In what one might call the larger issues of existence, I have come to realise over many years of getting to know the landscape of Brittany, that place can also take the role of companion and provide the feedback and stimulus essential for quality of life for those who prefer to live in positive solitude. Being alone in nature can act as a veritable celebration of the solitary. It provides me with replenishment and fulfilment. Why?

Because outside in the forest, on the moor, beside the sea, under the night sky, I am connnected with a much older, wider network than any social group I have ever reluctantly joined. There is something deeply freeing about a relationship that is spiritually profound, but without demands, on-going, without the pressing urgency - whether something is urgent or not - that characterises much human communication.
 You get to know a place much as a person: the first encounter is tramelled by self-consciousness, but losing that through the familiarity of shared time and space, you go beyond the curtain, to a powerful sense of the minutiae of connection in every aspect of the natural world. It is also the framework in which I can best see myself as a functioning living thing, with a place, a context, a layered existence of my own. This is my feedback, my family, my network. It is strong and subtle, liberating and binding. It is always there, in this place or that, here or there, now or tomorrow.

Thursday, December 13, 2018

Finding our natural place

Recent events have taken their toll on the equilibrium of many people on both sides of the Channel. My own is further threatened by separation from the natural world, as illness continues to prevent me from spending sufficient time in places that have always acted as harmonising forces. I am like the child on a first bike without stablisers, wobbling and fearful. My spirit is heavy, full of big emotions that rest crammed into small enclosed spaces. The coast is too far away, the moors too difficult, the constant rain no longer liberating, just sadly wet. Everything is narrower and I make a virtue of wasting time, idly rolling in the muck of news, the offensive slough of politics. Helpless in the face of endless greed and cowardice beyond comprehension.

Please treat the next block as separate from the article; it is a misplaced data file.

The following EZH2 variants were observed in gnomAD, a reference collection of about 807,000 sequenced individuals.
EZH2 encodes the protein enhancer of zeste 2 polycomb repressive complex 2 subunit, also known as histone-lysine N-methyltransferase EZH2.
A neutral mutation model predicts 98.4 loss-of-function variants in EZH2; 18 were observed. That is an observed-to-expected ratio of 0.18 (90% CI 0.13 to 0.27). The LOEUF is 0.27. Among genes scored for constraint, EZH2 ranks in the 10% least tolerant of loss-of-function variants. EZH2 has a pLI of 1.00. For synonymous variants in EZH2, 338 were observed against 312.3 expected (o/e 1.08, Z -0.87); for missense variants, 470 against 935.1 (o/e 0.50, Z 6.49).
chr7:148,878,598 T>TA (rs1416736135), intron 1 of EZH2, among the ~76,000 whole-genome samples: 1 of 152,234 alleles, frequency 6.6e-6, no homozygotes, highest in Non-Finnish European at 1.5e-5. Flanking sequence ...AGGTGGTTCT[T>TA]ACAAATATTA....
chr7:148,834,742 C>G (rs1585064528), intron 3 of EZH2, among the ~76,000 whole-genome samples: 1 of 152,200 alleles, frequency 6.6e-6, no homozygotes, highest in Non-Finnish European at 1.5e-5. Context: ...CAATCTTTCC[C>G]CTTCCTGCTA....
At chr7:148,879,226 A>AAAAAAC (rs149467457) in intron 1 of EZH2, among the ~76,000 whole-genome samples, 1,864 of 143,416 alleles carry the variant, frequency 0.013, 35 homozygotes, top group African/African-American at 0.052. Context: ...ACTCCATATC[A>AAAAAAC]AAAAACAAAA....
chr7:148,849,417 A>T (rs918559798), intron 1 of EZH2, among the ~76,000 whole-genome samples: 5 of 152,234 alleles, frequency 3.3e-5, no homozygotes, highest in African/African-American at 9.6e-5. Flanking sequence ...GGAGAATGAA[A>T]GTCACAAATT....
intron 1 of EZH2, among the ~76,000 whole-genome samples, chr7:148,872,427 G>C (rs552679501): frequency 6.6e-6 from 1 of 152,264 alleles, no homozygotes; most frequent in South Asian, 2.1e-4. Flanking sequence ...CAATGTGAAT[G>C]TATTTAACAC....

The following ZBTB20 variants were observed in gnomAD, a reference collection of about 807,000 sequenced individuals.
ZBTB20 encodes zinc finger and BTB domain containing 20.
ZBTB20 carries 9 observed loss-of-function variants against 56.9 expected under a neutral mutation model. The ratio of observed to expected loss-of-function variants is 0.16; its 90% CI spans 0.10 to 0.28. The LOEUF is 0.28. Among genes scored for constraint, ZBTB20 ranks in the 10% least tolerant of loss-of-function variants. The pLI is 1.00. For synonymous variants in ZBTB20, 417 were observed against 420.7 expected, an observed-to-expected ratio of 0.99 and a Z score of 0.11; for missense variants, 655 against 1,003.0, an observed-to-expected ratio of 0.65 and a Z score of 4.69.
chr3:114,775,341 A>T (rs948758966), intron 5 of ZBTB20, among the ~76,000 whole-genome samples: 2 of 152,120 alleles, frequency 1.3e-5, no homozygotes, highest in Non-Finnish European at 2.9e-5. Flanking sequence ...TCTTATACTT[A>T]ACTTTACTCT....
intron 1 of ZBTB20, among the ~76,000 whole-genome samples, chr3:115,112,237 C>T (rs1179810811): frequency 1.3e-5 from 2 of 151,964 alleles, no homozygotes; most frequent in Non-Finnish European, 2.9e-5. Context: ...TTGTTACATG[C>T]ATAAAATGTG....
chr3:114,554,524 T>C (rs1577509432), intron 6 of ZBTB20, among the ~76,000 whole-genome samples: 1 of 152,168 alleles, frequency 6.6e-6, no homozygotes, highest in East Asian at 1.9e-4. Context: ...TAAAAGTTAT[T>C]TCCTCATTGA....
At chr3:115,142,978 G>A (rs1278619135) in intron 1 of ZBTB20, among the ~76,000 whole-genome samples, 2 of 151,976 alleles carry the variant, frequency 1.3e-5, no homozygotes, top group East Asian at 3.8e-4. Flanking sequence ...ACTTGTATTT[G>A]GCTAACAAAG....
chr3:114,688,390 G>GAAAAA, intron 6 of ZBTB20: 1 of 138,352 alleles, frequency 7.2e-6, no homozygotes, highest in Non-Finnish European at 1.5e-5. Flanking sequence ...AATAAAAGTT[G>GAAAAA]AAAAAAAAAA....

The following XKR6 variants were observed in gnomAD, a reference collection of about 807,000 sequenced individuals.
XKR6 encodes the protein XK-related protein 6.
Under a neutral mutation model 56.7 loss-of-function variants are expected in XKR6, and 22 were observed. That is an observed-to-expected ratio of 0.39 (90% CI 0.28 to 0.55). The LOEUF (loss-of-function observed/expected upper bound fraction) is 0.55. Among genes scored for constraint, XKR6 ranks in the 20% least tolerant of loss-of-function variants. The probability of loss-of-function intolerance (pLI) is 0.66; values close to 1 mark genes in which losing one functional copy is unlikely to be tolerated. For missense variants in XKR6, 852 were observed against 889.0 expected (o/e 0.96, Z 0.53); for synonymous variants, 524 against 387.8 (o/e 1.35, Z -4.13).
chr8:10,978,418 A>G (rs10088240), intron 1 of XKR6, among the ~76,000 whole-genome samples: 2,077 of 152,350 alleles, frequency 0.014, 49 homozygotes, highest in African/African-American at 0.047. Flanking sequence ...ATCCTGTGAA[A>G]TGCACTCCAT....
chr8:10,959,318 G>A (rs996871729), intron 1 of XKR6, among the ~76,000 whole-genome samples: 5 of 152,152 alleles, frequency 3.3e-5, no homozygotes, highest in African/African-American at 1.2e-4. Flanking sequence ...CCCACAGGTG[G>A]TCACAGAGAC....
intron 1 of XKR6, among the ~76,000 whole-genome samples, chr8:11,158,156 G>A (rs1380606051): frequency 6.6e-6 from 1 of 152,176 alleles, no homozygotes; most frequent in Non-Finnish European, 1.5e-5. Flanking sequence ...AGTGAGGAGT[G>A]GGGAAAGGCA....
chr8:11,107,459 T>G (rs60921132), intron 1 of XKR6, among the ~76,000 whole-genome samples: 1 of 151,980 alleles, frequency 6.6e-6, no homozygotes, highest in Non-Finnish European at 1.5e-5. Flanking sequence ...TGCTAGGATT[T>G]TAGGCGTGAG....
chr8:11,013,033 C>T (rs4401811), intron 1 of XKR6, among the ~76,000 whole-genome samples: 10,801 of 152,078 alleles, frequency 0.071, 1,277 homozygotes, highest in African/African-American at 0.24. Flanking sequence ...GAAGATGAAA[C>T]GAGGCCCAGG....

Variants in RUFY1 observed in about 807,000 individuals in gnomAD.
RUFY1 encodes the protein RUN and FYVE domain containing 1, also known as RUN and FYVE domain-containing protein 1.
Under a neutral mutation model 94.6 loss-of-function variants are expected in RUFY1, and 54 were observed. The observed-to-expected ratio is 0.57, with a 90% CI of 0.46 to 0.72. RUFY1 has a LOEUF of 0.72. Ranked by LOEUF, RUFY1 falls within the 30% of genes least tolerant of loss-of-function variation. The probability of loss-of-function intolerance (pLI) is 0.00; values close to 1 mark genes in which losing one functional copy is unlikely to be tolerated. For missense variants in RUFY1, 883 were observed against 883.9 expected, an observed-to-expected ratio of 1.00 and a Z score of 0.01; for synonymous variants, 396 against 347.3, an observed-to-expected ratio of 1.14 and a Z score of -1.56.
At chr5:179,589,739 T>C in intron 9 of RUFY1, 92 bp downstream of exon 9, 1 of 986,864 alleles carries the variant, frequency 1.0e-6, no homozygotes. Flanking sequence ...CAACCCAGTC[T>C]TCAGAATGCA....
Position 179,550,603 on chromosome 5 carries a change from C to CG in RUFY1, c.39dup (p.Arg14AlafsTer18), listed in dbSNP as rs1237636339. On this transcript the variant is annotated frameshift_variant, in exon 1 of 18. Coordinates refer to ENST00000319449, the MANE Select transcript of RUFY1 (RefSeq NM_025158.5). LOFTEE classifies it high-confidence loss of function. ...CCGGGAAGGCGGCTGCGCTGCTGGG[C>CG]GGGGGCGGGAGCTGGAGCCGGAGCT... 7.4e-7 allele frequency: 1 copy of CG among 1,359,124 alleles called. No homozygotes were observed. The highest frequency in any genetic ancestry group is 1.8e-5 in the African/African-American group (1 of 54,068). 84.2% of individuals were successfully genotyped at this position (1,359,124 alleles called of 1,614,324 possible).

I am no longer staunch or bright or quick myself. But I do love winter. Maybe that's the lesson, to remember why.

Tuesday, October 30, 2018


Thinking about ruin(s) came out of my last book on the Spirit of Place. This also emerged.

We played in that old ruin,
Mark, Sylvie, Dev and I,
Threading childhood dreams
Through something broken:                                        
Truncated walls, a single arch,
Lost purpose, masquerading as romance.

I led because I talked the best.
The others took direction,
Indifferent or desiring, 
Through laughter cracked by cruelty
Wrapped in nature’s greening stance.
We grew up and unfurled.
Mark dreamt, Dev dared,
I wound up in my words,
Flirting with truth and Sylvie
More fragile than her beauty.
Nothing was settled, we only
Played for time, revolving  
In that other ruined structure    
Called the world.

Our hopes were vague,
All focused on survival,
Far too hung up to grieve
The missed stop of arrival.

Fast forward on to now -
Mark lost, Dev dead
On London streets and Afghan sand,
Sylvie, adrift in drunken dactyls,
Twice deserted (only once by me).
I still have my stories, my dissolving dream.

Thread end, dead end, back
To that eternal present
Beneath the mouldering arch,
For failure not my own,
Where grey and green rewind:
I am still living in the left behind.
Nature at least does not discriminate
Between what is and some more pristine state.
The ruin carries on, the teller tells,
Each prospering their shadow-selves.

© Wendy Mewes